Blockers_(film)Kay Cannon, writer of the Pitch Perfect movies, makes her directorial debut in this story about a trio of parents hell bent on keeping their daughters from losing their virginities after they learn of a Prom night sex pact. Lisa (Leslie Mann) is a single mother whose afraid that her daughter (Kathryn Newton) will go far away for college and make the same mistakes she did. Mitchell (John Cena) is happily married with a newborn child but is afraid his oldest daughter (Geraldine Viswanathan) is going to sleep with a student known for cooking up drugs. Then there’s Hunter (Ike Barinholtz), a down on his luck divorcee who just wants back into his daughter’s (Gideon Adlon) life.

There is a moment where multiple characters projectile vomit, a scene where John Cena’s Mitchell has beer poured down his rectum, and gratuitous sex jokes a plenty. But Blockers actually works best when it isn’t being raunchy and just feeds off of the surprisingly fluid chemistry of its lead actors. John Cena is hilarious every time he speaks, owning the role like he’s back in Wrestlemania. And while Leslie Mann has portrayed manic mother’s seemingly a million times, here her knack for playing vulnerable OCD characters brings the film’s overarching theme home better than anyone else.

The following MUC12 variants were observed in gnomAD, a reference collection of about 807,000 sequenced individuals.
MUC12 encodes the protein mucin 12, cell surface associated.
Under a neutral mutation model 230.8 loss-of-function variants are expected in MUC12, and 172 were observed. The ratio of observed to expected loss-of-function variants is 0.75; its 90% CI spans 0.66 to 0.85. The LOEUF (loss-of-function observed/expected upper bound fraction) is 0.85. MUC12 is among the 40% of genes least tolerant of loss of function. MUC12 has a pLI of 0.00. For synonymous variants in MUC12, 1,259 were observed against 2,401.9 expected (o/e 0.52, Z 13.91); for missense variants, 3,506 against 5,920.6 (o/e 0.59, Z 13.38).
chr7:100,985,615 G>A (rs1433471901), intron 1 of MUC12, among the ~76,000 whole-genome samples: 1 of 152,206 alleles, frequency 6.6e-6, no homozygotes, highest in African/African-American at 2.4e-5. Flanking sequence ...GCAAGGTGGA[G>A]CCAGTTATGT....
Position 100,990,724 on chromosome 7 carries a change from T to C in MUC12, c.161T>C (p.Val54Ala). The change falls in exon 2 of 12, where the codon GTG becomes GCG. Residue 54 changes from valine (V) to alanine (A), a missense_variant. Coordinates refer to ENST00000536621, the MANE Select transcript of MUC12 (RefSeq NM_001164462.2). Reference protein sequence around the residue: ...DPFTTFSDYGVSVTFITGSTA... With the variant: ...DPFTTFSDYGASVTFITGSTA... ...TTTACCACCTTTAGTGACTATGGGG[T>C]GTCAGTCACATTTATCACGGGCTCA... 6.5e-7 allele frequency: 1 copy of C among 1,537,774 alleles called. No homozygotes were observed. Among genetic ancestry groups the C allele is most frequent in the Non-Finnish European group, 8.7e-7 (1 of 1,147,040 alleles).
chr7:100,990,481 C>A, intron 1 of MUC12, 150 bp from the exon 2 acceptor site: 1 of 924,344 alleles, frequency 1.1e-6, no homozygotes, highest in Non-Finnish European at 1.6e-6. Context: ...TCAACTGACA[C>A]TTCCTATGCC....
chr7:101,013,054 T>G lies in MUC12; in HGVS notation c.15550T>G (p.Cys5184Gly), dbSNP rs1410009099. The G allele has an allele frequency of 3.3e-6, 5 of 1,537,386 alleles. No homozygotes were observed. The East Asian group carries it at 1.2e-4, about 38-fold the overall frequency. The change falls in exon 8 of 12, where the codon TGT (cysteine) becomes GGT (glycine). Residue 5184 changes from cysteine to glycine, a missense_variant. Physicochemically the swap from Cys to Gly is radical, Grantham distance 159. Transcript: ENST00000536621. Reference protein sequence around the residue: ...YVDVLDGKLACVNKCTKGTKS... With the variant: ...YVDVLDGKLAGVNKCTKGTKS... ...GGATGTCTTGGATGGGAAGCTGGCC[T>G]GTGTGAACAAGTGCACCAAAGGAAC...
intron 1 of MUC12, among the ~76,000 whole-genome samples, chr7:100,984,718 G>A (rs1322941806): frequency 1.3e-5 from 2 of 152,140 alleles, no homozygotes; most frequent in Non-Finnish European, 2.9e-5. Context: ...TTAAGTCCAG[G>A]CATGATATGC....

The surprising standout in Blockers, however, goes to MADtv alum Ike Barinholtz. He delivers funny, yet timely dialogue and physical humor while also managing to give a heavy dose of heart whenever the story focuses his way. Along with Cena, Mann, and a cast of youngsters whose characters all hold relevant narratives, this film manages to make its many outrageous scenarios believable simply because we care about the folks involved. So even though there aren’t a ton of truly side splitting moments, the hearty chuckles will come often enough to keep you entertained while the endearing tone does the rest to make Blockers memorable.

FINAL GRADE: B

Ready Player One (Full Review)

Steven Spielberg knows how to make an adventure film. For decades he has created and adapted unique worlds for the big screen that have become iconic in pop culture. So there is perhaps no one more equipped to tackle Ready Player One, a 2011 novel written by Ernest Cline that is bursting at the seams with 80’s nostalgia and nerd culture.